Well said! You should submit your letter to the Lowell Sun to be printed in the editorial section of the paper. Thank you for your dedication to the community. I love both of your restaurants, although I’m partial to Cobblestones bar side.

  15. Thurston says:

    I’m new to Lowell and somewhat torn over the issue. What I’ve come to understand is that students and parents really love the school right where it is. There is something special going on there that apparently doesn’t require that latest in technology. There is a human element here that gets lost in the discussion somehow. I live in a condo downtown and my only regret about the high school downtown is that when the students are not there at night it’s just an empty dark space right in the heart of the city. In that way I’d rather see it filled with people and families so the area would be more vibrant and safe after hours. Again being new to Lowell and an educator I’m shocked that a city the size of Lowell only has one public high school. All over the country these huge high schools have been broken up into smaller more manageable Learning Communities. So for all the talk of wanting to be state of the art there is still a lot missing when it comes to connecting what’s happening in Lowell to best practice.

    • patricia Donahue says:

      very good point

    • admin says:

      Excellent points Thurston. I too am torn and I agree with all of your points. Downtown is very special and I have ALWAYS loved and embraced the urban nature of Lowell, and the great diversity. It brings me back to where I grew up in NY on a near daily basis. I also often experience the darkness at night and lack of economic vibrancy that could do so much for the downtown. Such a hard issue! Thank you for sharing your perspective–and welcome to a great city!!

  16. Jamr says:

    Don’t take the buildings of professional, take the homes of people who have lived here in Beliverdere for 30+ years. That msked ore sense. I proposed we find another area in the city where no one loses, and everyone wins.

  17. Jane says:

    Don’t take the buildings of professional, take the homes of people who have lived here in Beliverdere for 30+ years. That makes more sense. I proposed we find another area in the city where no one loses, and everyone wins.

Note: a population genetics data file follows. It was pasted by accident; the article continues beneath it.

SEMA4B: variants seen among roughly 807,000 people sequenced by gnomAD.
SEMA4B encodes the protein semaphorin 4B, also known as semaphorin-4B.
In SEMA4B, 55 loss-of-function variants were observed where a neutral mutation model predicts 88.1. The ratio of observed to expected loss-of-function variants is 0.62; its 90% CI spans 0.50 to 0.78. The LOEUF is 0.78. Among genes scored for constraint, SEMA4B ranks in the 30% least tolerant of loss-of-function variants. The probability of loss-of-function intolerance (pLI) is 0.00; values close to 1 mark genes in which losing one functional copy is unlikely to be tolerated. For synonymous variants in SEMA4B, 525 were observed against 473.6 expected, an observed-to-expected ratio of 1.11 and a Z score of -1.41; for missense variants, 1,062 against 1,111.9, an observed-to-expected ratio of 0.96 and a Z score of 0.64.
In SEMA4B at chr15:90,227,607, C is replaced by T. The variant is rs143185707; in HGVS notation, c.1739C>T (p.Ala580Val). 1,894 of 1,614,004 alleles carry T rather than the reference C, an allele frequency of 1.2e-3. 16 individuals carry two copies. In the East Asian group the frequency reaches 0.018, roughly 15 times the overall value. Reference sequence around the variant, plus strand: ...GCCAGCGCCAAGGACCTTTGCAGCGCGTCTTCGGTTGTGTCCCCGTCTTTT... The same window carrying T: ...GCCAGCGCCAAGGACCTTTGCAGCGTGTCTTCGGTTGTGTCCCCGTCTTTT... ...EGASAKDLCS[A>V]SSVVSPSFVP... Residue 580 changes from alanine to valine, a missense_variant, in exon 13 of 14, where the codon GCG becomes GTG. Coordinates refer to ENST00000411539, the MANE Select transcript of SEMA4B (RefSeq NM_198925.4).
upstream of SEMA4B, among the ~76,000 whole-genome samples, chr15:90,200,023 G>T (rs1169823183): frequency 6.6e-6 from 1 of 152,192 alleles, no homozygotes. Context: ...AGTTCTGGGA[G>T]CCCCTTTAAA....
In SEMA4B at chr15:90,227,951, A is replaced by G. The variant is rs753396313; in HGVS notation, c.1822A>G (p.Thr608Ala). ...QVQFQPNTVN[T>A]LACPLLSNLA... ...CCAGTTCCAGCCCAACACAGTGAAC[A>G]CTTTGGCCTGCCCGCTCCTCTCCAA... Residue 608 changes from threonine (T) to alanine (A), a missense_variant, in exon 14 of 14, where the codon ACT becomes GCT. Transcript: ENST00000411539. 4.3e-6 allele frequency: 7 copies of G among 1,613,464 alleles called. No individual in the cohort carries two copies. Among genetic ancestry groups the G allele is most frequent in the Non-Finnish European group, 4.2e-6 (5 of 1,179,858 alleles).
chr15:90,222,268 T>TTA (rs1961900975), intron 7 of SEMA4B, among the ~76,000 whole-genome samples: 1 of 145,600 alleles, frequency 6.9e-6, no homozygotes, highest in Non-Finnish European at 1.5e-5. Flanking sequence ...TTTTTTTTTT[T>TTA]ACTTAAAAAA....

18. Lowell leadership sorely lacking says:

    As a former Lowell city employee- none of this stupidity surprises me. The council are imbeciles for the most part. They have been voted into positions that they have no clue how to perform. Proof positive- they have been voicing opinions and voting on the schools location without the benefit of the actual numbers or dollars needed to make an educated decision. They are mostly self serving jerks without enough brain cells to run a lemonade stand never mind a city. I feel for everyone that suffers at their hands.

    • admin says:

      Although you make a good point about the importance of responsible representation and making tough decisions with proper information, I think you could have done so in a nicer way. Some of those imbeciles are my friends! That said, I appreciate your passion.

  19. Molly says:

    I think it is very brave of you to stick your neck out as a business owner with your opinion. The way things have been so heated it could effect your business if people with an opposing view choose not to patronize your places any longer. I happen to love both of your restaurants, but I also happen to be on the Downtown team. I think that common sense discussion has gone out the window on this issue and we have lost the ability to really hear one another.
    I appreciate your perspective as a downtown business owner I appreciate the improvements made to UMASS Lowell. I anticipate the potential the courthouse will bring. I also believe firmly that students belong downtown because of all of the resources. I have a Belvidere address now, but I didn’t always, and my child was one who utilized those resources.
    Lowell has almost 70% of its students who live at or below poverty level. Bringing in new condos or businesses is not going to help out that enormous percentage of our population. The kids who don’t have computers at home would have to get back downtown to access the library. Students who depend on breakfast before school would have to add a much longer bus commute and plan to get there even earlier each day. Parents who don’t drive or have transportation would have difficulty attending events and meetings at the school. The dropout rate would be at risk of increasing with these resources decreasing.
    In my view, the move to help powerful business owners downtown is at the expense of a significant number of residents. You suggest the concerns about cost increases are short sighted, but the busing increase will never go away, even after the school is paid for in taxes. Busing the athletes all over the city to different fields hasn’t even been priced out yet. Business owners on Rogers street were an afterthought while the downtown businesses are being promoted. This entire process has been a debacle from the start. It is too bad the entire situation cannot be restarted with some thorough research and Xoom sense from our city representatives.